For my physical education class this semester, I took floor hockey, operating under the theory that it would be more entertaining than whatever “cardio fitness” is.
The class is held in Dodge’s Blue Gym—you know, the one where the floor is blue—mostly because of the walls. Floor hockey is a game where the walls are part of the game, so the Blue Gym is a good choice, as the walls are covered in blue padding.
As the semester wore on, though, I became increasingly aware of the rickety nature of our arena. One piece of plastic at the base of the walls came unglued, turning simple wraparounds into crazy caroms. Exercise equipment used by the track team became a hazard—I once got caught in a net by the tubing of my insulin pump, stuck like a fly in a spider’s web.
During one particularly competitive game, I watched my classmates go for the ball near the wall, slamming into it. And, as they pried the ball free and chased after it, a huge piece of blue padding fell of the wall with a huge thud. (If it fell on a person, it would have hurt.)
The physical education requirement for Columbia College and School of Engineering and Science is one of my go-to laugh lines when I try to explain Columbia and the Core to people back home (“ha, I might not graduate if I can’t swim 75 yards”). However comical the swim test may seem, I honestly believe that the requirement is a really good idea.
Almost exactly one year ago, I wrote about the importance of physical activity as a part of mental health. (The most relevant quote: “I’m not a scientist, but I believe that the available science suggests that regular exercise releases lots of fun endorphins and makes you feel better.”) The P.E. requirement is the only part of the Core that is interested in improving your health, as opposed to burying it under 400 pages of reading per week.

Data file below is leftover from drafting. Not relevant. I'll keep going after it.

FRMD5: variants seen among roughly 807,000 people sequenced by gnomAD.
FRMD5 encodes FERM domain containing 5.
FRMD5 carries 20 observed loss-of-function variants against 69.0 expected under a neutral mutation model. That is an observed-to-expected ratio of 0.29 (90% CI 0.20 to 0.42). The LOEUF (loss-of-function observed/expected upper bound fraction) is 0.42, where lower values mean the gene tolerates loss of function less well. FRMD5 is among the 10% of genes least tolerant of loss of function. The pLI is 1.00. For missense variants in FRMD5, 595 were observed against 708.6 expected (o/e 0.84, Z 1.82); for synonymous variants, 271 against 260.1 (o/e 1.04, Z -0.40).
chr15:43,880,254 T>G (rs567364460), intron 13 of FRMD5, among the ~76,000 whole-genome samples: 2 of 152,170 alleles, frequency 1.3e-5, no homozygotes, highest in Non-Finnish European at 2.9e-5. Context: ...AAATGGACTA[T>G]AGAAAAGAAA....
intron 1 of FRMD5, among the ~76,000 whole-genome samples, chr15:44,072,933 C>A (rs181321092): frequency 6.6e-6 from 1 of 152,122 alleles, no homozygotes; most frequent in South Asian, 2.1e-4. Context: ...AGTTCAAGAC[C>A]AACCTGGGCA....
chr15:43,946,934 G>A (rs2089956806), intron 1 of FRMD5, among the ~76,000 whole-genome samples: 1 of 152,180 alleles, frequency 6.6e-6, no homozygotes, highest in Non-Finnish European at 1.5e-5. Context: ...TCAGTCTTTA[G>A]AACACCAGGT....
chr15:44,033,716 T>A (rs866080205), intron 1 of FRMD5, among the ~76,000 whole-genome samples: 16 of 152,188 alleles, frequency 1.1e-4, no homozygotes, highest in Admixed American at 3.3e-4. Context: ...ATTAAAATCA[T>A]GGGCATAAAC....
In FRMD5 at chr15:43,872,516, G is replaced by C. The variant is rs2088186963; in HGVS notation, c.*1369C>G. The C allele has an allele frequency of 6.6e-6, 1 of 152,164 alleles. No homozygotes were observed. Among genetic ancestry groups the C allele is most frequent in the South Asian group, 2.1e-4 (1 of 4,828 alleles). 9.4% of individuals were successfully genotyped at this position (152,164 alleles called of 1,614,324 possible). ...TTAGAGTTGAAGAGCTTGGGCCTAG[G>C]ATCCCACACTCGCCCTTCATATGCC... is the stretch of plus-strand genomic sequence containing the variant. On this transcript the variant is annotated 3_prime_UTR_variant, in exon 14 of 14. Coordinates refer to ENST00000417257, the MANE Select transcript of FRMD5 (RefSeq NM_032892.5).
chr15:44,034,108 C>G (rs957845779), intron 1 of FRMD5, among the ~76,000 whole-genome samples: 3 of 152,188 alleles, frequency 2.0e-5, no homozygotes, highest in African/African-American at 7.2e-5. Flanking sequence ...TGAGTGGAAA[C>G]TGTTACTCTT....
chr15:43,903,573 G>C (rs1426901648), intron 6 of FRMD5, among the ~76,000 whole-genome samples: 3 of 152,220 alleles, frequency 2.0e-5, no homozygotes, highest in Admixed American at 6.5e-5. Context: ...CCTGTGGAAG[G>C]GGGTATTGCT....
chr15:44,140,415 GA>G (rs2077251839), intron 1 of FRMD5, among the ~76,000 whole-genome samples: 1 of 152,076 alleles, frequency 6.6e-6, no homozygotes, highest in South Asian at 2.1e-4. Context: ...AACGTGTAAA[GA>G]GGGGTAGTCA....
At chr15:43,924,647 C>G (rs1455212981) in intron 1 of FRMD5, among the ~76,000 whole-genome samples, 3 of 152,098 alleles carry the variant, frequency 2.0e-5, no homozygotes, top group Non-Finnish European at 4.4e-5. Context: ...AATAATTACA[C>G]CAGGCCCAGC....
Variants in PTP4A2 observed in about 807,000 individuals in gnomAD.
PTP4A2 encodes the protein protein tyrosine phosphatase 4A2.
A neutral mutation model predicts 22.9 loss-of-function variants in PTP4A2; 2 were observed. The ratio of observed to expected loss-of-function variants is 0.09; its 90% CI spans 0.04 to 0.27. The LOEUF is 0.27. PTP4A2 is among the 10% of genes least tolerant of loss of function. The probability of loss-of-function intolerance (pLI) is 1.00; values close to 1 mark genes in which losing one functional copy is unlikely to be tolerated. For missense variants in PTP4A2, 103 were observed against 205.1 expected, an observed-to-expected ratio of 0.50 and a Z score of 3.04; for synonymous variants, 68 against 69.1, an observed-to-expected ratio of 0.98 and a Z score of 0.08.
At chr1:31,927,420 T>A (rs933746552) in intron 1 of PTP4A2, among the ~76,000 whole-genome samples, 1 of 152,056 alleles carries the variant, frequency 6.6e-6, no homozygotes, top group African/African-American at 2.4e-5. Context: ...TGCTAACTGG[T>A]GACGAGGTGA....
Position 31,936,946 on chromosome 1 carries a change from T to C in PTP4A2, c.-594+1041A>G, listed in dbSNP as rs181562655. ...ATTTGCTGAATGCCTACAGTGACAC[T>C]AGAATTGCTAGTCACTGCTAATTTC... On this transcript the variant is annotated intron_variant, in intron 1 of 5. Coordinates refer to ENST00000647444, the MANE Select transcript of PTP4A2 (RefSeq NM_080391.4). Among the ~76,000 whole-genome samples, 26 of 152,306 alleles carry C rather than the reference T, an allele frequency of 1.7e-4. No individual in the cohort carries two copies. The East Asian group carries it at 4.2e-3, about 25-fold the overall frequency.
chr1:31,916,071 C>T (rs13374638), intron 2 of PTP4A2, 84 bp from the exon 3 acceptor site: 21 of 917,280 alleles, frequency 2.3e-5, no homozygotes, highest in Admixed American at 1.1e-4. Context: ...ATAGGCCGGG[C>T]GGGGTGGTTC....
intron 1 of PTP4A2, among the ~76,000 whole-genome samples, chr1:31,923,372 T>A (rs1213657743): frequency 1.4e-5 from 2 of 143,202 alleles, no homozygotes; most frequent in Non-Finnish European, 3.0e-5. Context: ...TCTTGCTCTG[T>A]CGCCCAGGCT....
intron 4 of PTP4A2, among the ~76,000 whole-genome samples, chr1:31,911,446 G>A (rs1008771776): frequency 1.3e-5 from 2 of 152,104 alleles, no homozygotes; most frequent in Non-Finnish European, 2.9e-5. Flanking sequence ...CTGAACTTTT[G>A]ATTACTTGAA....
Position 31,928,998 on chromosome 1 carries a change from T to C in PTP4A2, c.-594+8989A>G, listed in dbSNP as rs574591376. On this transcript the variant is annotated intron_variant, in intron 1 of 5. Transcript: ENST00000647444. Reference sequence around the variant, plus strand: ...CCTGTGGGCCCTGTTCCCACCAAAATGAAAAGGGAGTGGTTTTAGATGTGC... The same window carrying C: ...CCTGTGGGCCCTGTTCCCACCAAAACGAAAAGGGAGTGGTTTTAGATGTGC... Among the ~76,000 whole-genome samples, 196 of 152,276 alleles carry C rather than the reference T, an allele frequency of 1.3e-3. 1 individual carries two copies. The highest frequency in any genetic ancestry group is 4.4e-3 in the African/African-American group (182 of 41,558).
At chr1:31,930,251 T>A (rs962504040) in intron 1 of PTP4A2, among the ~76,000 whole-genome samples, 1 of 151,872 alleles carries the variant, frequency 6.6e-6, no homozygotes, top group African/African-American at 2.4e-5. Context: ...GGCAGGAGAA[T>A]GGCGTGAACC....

The requirement is not particularly stringent, either. The P.E. department offers a remarkably wide variety of courses for whatever you may be interested in—or however hard you want to work out—and a policy of six permitted absences gives you an enormous amount of wiggle room.
All this being said, though, the P.E. requirement can’t function without institutional support. The last two years have not been good for physical education on campus—the Barnard pool closed last year to make space for what I imagine are very chlorine-smelling offices, and the Dodge Fitness Center continues to crumble. My floor hockey experience isn’t a comprehensive listing of everything that’s wrong with Dodge, but it is an example of the ways which the building—in its prime, not much more attractive than a dark basement—is becoming increasingly nonfunctional.
A few weeks ago, Spec’s editorial board (of which I am a member) called for the firing of athletic director M. Dianne Murphy, in part because we believe that under her leadership the athletic department has neglected the facility used by the largest percentage of its campus.
Murphy dedicated herself to constructing the Campbell Sports Center. It is, I am sure, a lovely facility, and it seems to be a really nice place for our varsity athletes to spend their time. But now that this project is done, Murphy or her successor must make a top-to-bottom renovation of Dodge the highest priority of the athletic department.
If we expect every person in SEAS or CC to spend two semesters taking physical education, it is imperative that they do so in a safe, modern athletic facility. It’s time to make Dodge that facility.
Peter Andrews is a Columbia College senior majoring in history. He is a member of Spectator’s editorial board and head manager emeritus of the Columbia University Marching Band. For Pete’s Sake runs biweekly.